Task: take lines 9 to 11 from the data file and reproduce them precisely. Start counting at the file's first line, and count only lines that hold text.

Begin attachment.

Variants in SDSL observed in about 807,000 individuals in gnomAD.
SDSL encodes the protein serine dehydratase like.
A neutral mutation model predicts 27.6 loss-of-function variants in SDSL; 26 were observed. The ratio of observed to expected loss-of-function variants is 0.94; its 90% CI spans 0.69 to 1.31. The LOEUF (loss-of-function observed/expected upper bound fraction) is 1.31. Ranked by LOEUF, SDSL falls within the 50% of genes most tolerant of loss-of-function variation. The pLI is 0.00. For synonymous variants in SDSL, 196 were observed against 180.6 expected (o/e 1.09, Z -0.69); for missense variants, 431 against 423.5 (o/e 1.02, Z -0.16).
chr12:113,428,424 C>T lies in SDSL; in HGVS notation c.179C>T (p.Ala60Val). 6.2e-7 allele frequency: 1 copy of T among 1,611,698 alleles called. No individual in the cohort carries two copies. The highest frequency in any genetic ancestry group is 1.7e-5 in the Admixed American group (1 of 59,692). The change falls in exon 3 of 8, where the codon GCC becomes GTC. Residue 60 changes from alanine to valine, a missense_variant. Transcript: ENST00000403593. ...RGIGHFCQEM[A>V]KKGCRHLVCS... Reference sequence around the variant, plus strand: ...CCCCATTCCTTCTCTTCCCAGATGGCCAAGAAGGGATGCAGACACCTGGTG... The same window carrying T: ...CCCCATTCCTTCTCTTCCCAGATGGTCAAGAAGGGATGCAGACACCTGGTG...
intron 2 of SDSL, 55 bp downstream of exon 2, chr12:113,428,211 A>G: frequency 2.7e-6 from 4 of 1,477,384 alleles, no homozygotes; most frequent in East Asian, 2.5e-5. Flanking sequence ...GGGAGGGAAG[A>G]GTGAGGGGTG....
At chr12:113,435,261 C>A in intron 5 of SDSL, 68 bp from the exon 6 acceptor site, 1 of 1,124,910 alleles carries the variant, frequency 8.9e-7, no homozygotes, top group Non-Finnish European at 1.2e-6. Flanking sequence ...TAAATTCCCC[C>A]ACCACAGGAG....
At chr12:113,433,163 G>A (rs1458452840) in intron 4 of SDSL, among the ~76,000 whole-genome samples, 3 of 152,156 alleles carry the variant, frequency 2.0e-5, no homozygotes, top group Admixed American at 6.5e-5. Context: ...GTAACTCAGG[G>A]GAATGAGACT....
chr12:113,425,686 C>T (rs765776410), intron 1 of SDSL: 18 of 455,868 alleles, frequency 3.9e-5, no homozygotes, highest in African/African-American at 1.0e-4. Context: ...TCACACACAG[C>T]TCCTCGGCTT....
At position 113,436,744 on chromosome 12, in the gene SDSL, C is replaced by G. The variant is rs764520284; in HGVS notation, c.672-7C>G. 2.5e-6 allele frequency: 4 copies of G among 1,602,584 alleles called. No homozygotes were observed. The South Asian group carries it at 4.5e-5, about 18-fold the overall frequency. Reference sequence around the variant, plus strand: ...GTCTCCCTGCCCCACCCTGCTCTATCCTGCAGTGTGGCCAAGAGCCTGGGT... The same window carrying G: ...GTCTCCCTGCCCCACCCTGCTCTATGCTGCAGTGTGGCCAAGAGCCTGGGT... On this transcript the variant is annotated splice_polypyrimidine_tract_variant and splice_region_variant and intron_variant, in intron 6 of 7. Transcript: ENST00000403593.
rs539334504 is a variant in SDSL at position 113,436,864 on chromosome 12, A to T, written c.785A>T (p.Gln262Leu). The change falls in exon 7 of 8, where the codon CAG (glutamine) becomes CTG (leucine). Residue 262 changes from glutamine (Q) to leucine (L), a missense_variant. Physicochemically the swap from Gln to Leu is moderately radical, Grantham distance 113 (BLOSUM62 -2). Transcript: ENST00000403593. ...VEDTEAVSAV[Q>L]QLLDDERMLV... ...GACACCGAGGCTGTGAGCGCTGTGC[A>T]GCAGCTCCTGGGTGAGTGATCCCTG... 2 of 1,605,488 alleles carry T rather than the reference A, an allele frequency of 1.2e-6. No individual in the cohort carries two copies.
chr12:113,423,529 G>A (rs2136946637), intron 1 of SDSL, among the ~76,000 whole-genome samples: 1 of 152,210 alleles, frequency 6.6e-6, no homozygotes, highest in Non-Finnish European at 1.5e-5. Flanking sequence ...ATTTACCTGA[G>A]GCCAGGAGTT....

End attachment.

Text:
At position 113,436,744 on chromosome 12, in the gene SDSL, C is replaced by G. The variant is rs764520284; in HGVS notation, c.672-7C>G. 2.5e-6 allele frequency: 4 copies of G among 1,602,584 alleles called. No homozygotes were observed. The South Asian group carries it at 4.5e-5, about 18-fold the overall frequency. Reference sequence around the variant, plus strand: ...GTCTCCCTGCCCCACCCTGCTCTATCCTGCAGTGTGGCCAAGAGCCTGGGT... The same window carrying G: ...GTCTCCCTGCCCCACCCTGCTCTATGCTGCAGTGTGGCCAAGAGCCTGGGT... On this transcript the variant is annotated splice_polypyrimidine_tract_variant and splice_region_variant and intron_variant, in intron 6 of 7. Transcript: ENST00000403593.
rs539334504 is a variant in SDSL at position 113,436,864 on chromosome 12, A to T, written c.785A>T (p.Gln262Leu). The change falls in exon 7 of 8, where the codon CAG (glutamine) becomes CTG (leucine). Residue 262 changes from glutamine (Q) to leucine (L), a missense_variant. Physicochemically the swap from Gln to Leu is moderately radical, Grantham distance 113 (BLOSUM62 -2). Transcript: ENST00000403593. ...VEDTEAVSAV[Q>L]QLLDDERMLV... ...GACACCGAGGCTGTGAGCGCTGTGC[A>T]GCAGCTCCTGGGTGAGTGATCCCTG... 2 of 1,605,488 alleles carry T rather than the reference A, an allele frequency of 1.2e-6. No individual in the cohort carries two copies.
chr12:113,423,529 G>A (rs2136946637), intron 1 of SDSL, among the ~76,000 whole-genome samples: 1 of 152,210 alleles, frequency 6.6e-6, no homozygotes, highest in Non-Finnish European at 1.5e-5. Flanking sequence ...ATTTACCTGA[G>A]GCCAGGAGTT....